Gemini G.E.L.: A Catalogue Raisonné, 1966–2005
The 1990s saw Gemini continuing to work with artists to produce a remarkable range of prints and objects. Kenneth Price, whose earliest Gemini prints such as the Figurine Cup Series (39.1–39.3) date back to 1969, expanded into new territory in recent years with polychrome ceramic editions such as Chet (39.25) and California Cup (39.23). Due to their unusual form as well as their settings within wooden display boxes, these works blurred the line between vessel and sculpture. Bruce Nauman was another artist who renewed his Gemini connections in the 1990s. Nauman, who beginning in the early 1970s had completed many extraordinary word/image prints at Gemini (36.1–36.16), returned to create a series titled Fingers and Holes (36.33–36.43) which were prints that explored gestures of the body and hand in lithographs and etchings.
The arrival of Frenchman Daniel Buren at Gemini in the last year of the 1980s paralleled a general heightened awareness of European art developments during this period. Buren's conceptualist approach incorporates installation considerations into his prints. For example, Five Out of Eleven (8.2) presents the wall as an integral part of the print. The hanging height of the panels is determined according to the wall's dimensions and the striped panels, sliced on the diagonal, expose wall through the frame to further emphasize the unity of the site and artwork. The title refers to the five colors used in this particular impression of the print, which have been selected from the 11 colors used in the entire edition. Each set of sheets is a unique arrangement, meaning that any one piece is different from that of any other within the group, thus subverting the idea of a uniform edition. During this period, Gemini also turned its attention to conceptualism close to home by working with the Californian John Baldessari. Baldessari's nine published works took advantage of the ability of lithograph and screenprint to cover broad expanses of color. This quality allowed him to cover key silhouettes of figures with flat color. Several works in the series, such as Two Bowlers (with Questioning Person) (4.6), comprise two panels, essentially splitting the print down the middle in a review of parts and wholes.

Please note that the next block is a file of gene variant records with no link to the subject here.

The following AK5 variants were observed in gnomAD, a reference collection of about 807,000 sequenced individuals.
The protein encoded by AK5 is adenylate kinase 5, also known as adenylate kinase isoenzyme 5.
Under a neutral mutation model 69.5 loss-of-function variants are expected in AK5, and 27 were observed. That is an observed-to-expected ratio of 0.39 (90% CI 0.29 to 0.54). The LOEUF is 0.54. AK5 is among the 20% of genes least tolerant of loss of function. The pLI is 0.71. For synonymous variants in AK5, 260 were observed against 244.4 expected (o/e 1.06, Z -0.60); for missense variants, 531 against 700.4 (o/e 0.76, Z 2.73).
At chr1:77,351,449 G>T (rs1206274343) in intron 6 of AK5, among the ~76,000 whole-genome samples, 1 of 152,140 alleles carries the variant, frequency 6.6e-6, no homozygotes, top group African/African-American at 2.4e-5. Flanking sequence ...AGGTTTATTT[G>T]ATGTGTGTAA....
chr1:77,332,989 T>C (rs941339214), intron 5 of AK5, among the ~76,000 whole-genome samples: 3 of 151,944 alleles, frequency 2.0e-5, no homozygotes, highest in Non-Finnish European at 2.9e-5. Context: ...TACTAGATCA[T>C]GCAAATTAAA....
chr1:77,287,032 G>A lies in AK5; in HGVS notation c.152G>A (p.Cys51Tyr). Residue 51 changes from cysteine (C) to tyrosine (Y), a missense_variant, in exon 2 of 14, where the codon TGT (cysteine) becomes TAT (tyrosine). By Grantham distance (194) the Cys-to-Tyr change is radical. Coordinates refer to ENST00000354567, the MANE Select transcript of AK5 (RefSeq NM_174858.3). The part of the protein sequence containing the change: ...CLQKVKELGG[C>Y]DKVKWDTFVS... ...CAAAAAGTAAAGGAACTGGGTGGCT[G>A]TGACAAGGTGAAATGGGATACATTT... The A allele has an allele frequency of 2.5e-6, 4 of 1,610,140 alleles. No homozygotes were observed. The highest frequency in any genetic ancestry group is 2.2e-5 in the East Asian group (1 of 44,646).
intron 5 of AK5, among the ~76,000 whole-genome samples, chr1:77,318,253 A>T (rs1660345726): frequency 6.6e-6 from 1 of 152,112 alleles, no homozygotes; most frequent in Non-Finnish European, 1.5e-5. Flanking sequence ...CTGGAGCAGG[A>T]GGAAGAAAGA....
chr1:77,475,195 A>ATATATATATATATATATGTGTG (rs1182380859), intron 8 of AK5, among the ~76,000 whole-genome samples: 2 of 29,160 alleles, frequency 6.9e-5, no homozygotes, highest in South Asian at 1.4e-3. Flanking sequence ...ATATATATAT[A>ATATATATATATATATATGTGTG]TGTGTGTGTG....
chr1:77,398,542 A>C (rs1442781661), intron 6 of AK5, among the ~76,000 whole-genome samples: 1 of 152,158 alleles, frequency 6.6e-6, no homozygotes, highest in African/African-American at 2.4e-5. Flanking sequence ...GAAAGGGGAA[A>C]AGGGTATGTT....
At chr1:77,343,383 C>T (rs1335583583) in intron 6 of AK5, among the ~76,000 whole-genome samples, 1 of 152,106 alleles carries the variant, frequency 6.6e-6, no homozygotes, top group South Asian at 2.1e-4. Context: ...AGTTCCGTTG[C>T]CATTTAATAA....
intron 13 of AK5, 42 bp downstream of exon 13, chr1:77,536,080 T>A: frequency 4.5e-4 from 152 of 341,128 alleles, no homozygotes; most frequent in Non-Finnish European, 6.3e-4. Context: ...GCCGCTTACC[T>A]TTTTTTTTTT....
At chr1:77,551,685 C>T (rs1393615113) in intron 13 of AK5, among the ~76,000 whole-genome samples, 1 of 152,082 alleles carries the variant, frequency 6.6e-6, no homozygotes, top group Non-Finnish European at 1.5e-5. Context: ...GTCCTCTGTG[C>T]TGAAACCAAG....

In the last year of his life, Gemini cultivated the art of Allen Ginsberg. Best known as a poet and political activist, Ginsberg worked at Gemini to create six editions of prints. One, The Ballad of The Skeletons (55.5), represents a complex and multifaceted world through a presentation of interwoven text and image. The handwritten poem gathers many polar viewpoints and is illustrated with an aggregate of drawings contributed by nine artists representing many different styles. This collective spirit, celebrating art as the product of multiple imaginations, viewpoints, and sensibilities revealed in the same entity, echoes the spirit and substance of the Gemini workshop.
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